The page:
Democratic Sen. Ben Ray Lujan suffered a stroke last week, and though his office says he is expected to make a full recovery, his hospitalization leaves Democrats with just 49 votes in the Senate and imperils President Joe Biden’s agenda in the coming weeks and months, analysts say.
“Lujan’s hospitalization has wide impacts across the functioning of the Senate under a 50-50 split, most acutely for controversial White House nominations and for a budget reconciliation bill that would not receive any Republican support,” wrote Robert Kaminski, a policy analyst at Capital Alpha Partners, wrote in a Wednesday note to clients.
Ben Koltun, director of research at Beacon Policy Advisors, speculated in a note to clients Wednesday that Lujan could be kept off the Senate floor from anywhere between a week and a year, citing data from Johns Hopkins Medicine that an average hospital stay for a stroke is between five and seven days.
That doesn’t mean that Lujan would necessarily be ready to return to the Senate floor in a week, given that former Republican Sen. Mark Kirk of Illinois was absent from the Senate for nearly a year following his 2012 stroke.
“Senate Democrats may still call themselves the majority party, but with the absence of Sen. Ben Ray Lujan after he suffered a stroke, the partisan agenda is indefinitely delayed,” Koltun wrote.
Depending on the length of Lujan’s recovery, his absence could further jeopardize Biden’s economic agenda. The initial vehicle for his tax-and-spending priorities on issues including climate change, child care and healthcare was the Build Back Better bill, which died after Democratic Sen. Joe Manchin of West Virginia said he wouldn’t support it, but progressives remain hopeful that a slimmed-down version of the legislation can pass.
Koltun said his “base case” for this new legislation passing would be before the end of May, so a short absence wouldn’t present a meaningful challenge, but a long recovery could complicate Democrats’ party-line legislative push as the November midterm election draws nearer.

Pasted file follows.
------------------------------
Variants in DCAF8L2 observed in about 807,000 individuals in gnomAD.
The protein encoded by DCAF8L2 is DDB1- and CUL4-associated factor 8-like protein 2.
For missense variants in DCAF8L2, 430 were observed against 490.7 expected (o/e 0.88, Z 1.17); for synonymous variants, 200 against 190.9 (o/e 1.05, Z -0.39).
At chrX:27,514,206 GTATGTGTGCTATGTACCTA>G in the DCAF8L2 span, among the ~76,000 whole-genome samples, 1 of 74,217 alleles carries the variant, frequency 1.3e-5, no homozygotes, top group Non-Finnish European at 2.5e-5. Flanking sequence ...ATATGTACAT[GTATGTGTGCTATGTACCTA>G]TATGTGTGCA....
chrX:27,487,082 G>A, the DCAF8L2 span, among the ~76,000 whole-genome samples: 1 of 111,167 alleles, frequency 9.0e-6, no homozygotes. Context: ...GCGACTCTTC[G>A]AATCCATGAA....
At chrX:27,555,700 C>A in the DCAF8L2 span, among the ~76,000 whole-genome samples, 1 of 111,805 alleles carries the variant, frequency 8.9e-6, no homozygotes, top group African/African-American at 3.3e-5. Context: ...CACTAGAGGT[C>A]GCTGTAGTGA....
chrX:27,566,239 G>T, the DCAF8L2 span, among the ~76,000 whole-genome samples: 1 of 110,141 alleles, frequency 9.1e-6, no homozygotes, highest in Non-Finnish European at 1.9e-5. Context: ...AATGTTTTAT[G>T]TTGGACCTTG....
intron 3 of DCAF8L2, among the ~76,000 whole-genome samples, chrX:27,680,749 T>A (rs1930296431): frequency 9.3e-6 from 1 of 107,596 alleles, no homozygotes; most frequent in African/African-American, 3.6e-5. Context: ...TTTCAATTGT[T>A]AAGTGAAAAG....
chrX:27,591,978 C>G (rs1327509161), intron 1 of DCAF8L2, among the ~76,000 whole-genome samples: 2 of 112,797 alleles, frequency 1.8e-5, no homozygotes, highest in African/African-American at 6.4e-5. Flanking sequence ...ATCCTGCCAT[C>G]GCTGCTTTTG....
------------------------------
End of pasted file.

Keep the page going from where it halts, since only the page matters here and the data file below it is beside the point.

A more immediate concern for Democrats are pending nominations for the Federal Trade Commission and the Federal Communications Commission. Both agencies remain deadlocked with two Republican and two Democratic commissioners, leaving them unable to propose or implement controversial new rules.
The Senate Commerce Committee, of which Lujan is a member, was scheduled to hold votes Wednesday to advance the nominations of Democrats Gigi Sohn to the FCC and Alvaro Bedoya to the FTC, but those votes were canceled now that Democrats would be outvoted 12-11 on the committee without Lujan’s vote.
“The good news for investors is further delay in the short term for controversial items such as net neutrality at the FCC and potential partisan litigation and rulemaking at the FTC,” Capital Alpha’s Kaminski wrote.
Aside from the potential for rules reinstating net neutrality — which would have a direct impact on internet service providers like Comcast Corp.
and Verizon Communications Inc.
and content providers like Netflix
and Walt Disney Co.
— the absence of Democratic majorities at these agencies could impact new rule-making on privacy and efforts to beef up antitrust enforcement.
Bedoya, Biden’s pick for the FCC, made his name as an advocate for privacy, and would likely support aggressive new rules that would place obligations on a wide range of businesses that handle consumer data, though social-media companies like Facebook parent Meta Platforms Inc.
and Twitter Inc.
could be most affected.